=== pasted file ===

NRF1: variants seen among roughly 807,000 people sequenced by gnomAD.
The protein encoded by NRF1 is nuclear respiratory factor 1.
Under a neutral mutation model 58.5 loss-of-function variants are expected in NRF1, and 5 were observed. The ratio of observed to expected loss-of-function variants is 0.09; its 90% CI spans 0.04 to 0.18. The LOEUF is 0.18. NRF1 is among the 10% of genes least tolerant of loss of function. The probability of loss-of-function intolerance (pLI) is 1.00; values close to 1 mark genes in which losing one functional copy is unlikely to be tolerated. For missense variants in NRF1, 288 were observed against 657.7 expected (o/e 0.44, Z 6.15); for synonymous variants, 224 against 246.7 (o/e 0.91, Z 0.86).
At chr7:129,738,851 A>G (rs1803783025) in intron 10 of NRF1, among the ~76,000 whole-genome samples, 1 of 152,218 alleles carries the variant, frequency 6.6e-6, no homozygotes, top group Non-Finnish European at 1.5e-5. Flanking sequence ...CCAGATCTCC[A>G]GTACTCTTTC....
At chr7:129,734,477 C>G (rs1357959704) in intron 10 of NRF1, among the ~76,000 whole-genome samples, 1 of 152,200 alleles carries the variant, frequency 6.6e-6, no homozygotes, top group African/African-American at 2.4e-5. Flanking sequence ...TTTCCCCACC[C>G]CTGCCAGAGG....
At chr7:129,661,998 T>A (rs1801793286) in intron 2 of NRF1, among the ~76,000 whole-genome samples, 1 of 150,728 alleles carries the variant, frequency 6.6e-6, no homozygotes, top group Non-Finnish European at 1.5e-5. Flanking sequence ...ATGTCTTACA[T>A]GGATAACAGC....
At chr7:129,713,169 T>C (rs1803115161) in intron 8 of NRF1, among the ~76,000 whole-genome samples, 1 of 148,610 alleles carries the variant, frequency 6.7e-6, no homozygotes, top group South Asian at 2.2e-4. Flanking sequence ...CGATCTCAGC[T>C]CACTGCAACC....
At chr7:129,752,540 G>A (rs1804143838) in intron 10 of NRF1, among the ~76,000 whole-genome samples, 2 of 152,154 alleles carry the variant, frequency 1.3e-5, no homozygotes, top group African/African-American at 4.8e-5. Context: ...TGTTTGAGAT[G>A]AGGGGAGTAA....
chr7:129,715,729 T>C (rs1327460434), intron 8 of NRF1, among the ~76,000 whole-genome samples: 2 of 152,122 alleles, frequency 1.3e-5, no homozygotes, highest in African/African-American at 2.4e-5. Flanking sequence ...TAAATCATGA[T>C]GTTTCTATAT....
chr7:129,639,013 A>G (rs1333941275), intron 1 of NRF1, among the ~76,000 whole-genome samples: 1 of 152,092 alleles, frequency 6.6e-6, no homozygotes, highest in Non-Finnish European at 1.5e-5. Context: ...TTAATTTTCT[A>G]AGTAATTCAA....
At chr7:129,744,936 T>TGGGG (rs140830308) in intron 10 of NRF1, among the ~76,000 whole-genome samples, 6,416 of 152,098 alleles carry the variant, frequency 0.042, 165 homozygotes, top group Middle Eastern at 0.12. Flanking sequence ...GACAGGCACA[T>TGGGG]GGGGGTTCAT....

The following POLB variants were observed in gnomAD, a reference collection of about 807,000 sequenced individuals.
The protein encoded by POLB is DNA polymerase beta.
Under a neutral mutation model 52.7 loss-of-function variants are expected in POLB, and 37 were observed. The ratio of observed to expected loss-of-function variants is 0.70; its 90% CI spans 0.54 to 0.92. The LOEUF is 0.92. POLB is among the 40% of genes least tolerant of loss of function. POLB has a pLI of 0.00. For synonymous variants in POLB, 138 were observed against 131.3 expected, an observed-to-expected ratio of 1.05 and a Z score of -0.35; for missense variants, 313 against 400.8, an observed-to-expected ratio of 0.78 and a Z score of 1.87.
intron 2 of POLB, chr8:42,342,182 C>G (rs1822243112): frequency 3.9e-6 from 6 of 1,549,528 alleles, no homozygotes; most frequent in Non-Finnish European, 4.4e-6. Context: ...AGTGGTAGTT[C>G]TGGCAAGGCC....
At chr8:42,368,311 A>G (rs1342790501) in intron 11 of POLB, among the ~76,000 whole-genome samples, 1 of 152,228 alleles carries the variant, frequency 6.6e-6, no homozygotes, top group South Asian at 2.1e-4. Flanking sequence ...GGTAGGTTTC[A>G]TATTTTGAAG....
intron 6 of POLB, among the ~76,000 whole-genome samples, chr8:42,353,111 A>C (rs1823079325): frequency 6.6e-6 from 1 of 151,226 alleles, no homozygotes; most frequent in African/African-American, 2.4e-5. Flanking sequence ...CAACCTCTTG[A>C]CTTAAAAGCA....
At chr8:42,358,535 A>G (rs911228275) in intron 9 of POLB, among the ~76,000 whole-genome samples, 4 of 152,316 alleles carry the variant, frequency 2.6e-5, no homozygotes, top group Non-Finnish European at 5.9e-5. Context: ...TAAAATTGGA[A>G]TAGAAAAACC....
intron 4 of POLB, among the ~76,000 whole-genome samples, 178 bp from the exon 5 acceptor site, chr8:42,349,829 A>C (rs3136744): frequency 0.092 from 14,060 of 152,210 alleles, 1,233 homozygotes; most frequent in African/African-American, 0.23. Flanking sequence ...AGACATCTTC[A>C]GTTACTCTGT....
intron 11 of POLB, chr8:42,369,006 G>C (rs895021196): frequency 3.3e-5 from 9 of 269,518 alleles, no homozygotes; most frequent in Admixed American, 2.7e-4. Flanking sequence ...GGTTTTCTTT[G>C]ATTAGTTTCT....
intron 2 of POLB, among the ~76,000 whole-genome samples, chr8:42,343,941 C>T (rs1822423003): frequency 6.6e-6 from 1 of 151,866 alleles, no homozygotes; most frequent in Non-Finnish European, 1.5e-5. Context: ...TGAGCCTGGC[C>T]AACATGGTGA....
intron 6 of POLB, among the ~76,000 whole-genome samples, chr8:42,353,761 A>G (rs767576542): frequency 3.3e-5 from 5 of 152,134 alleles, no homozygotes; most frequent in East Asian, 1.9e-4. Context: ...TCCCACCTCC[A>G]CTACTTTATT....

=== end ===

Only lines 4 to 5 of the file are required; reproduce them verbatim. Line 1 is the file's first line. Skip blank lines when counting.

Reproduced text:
At chr7:129,738,851 A>G (rs1803783025) in intron 10 of NRF1, among the ~76,000 whole-genome samples, 1 of 152,218 alleles carries the variant, frequency 6.6e-6, no homozygotes, top group Non-Finnish European at 1.5e-5. Flanking sequence ...CCAGATCTCC[A>G]GTACTCTTTC....
At chr7:129,734,477 C>G (rs1357959704) in intron 10 of NRF1, among the ~76,000 whole-genome samples, 1 of 152,200 alleles carries the variant, frequency 6.6e-6, no homozygotes, top group African/African-American at 2.4e-5. Flanking sequence ...TTTCCCCACC[C>G]CTGCCAGAGG....